A protein that acts as a kind of “brake” to keep the body’s immune responses under control. PD-L1 may be found on some normal cells and in higher-than-normal amounts on some types of cancer cells. When PD-L1 binds to another protein called PD-1 (a protein found on T cells), it keeps T cells from killing the PD-L1-containing cells, including the cancer cells. Anticancer drugs called immune checkpoint inhibitors bind to PD-L1 and block its binding to PD-1. This releases the “brakes” on the immune system and leaves T cells free to kill cancer cells.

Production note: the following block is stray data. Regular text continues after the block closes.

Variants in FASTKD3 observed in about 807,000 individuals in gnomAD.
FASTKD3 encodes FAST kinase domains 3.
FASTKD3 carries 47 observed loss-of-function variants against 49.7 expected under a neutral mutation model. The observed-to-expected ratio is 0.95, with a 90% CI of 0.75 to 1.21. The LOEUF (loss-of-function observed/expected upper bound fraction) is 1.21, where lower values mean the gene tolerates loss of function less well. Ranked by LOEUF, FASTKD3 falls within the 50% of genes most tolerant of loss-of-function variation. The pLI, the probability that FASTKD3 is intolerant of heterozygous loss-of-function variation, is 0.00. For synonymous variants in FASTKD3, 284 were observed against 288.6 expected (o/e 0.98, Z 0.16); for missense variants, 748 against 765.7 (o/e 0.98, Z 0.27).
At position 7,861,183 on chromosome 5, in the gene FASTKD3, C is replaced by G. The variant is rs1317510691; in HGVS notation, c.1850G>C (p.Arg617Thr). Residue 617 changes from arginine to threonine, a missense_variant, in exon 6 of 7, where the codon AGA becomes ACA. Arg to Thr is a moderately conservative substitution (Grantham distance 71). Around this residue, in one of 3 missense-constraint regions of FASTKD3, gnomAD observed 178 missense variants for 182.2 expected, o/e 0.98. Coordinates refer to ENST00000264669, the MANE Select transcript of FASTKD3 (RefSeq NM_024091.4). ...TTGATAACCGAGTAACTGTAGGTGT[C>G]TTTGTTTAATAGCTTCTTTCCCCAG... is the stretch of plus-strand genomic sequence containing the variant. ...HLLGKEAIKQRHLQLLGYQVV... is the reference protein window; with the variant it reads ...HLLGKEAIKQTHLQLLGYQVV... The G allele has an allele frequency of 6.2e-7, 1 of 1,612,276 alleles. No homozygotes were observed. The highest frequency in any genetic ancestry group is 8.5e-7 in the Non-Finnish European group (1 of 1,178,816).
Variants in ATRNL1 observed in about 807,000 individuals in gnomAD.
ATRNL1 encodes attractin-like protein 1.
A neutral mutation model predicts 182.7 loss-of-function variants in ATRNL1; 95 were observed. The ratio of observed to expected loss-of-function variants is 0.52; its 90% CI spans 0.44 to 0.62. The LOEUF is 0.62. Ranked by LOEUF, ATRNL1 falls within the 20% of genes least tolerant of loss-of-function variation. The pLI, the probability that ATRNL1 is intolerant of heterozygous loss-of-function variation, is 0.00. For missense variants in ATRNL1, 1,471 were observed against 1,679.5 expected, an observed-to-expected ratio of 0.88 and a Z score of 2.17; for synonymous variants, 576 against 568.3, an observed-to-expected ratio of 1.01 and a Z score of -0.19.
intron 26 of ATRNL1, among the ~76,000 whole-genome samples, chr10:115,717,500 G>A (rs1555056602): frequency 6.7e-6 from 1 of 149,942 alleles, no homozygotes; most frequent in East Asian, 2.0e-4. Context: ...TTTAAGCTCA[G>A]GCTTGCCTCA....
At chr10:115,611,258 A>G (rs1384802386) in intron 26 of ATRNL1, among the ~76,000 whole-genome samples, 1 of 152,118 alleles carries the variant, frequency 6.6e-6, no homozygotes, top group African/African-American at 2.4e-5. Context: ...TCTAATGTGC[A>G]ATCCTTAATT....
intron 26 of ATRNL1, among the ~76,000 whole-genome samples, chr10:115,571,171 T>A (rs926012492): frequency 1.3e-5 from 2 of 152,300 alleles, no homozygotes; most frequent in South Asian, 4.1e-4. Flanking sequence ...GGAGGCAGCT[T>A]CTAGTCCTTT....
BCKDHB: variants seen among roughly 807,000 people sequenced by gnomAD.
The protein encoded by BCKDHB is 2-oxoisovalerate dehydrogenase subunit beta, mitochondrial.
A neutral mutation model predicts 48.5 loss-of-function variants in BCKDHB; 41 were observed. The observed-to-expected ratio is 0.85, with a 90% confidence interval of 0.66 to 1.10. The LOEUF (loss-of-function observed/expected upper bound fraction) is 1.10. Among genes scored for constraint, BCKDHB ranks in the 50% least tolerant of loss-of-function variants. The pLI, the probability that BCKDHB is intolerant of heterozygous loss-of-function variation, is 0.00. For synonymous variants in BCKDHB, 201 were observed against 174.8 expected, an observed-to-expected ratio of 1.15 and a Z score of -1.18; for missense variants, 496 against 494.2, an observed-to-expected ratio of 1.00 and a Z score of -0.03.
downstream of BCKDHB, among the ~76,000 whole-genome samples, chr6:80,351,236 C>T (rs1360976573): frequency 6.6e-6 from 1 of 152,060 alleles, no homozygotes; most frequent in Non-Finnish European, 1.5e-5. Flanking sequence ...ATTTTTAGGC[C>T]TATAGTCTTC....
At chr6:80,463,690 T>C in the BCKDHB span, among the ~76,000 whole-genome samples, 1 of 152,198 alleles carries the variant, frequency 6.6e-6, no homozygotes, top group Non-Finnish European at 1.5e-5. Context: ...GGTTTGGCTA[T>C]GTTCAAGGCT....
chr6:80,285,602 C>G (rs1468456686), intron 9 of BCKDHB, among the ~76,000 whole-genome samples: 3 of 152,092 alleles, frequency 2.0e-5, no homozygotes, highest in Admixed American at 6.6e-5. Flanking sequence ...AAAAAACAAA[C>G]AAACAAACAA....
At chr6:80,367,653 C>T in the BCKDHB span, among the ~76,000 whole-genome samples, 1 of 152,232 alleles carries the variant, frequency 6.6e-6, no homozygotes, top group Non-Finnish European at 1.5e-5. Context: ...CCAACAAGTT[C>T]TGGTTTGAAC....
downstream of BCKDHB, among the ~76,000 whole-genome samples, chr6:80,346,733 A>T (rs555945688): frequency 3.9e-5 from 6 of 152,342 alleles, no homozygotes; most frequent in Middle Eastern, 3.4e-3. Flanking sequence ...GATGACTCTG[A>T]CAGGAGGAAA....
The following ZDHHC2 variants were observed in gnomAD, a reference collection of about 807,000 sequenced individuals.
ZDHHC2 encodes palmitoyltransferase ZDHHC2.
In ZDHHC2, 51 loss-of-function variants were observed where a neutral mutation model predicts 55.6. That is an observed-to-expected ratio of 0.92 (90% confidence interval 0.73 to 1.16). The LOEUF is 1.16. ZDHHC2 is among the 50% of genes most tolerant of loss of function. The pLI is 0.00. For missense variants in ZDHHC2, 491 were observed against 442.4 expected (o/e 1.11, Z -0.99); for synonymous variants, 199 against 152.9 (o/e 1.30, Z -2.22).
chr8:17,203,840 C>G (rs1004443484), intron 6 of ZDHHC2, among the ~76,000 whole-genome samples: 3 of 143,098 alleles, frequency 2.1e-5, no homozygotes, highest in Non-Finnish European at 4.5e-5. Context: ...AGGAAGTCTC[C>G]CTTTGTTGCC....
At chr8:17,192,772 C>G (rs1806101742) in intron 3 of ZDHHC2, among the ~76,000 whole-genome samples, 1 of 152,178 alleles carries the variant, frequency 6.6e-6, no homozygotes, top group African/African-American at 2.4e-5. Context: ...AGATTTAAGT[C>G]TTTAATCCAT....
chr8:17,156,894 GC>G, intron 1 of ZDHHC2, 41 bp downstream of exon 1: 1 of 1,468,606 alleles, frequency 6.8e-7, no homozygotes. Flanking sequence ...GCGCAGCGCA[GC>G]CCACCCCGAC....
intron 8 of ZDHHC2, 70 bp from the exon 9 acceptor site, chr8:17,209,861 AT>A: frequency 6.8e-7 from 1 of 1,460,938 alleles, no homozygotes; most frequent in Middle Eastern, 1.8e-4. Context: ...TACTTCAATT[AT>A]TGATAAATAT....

Source: NCI Dictionary of Cancer Terms

2019-07-24immune checkpoint inhibitor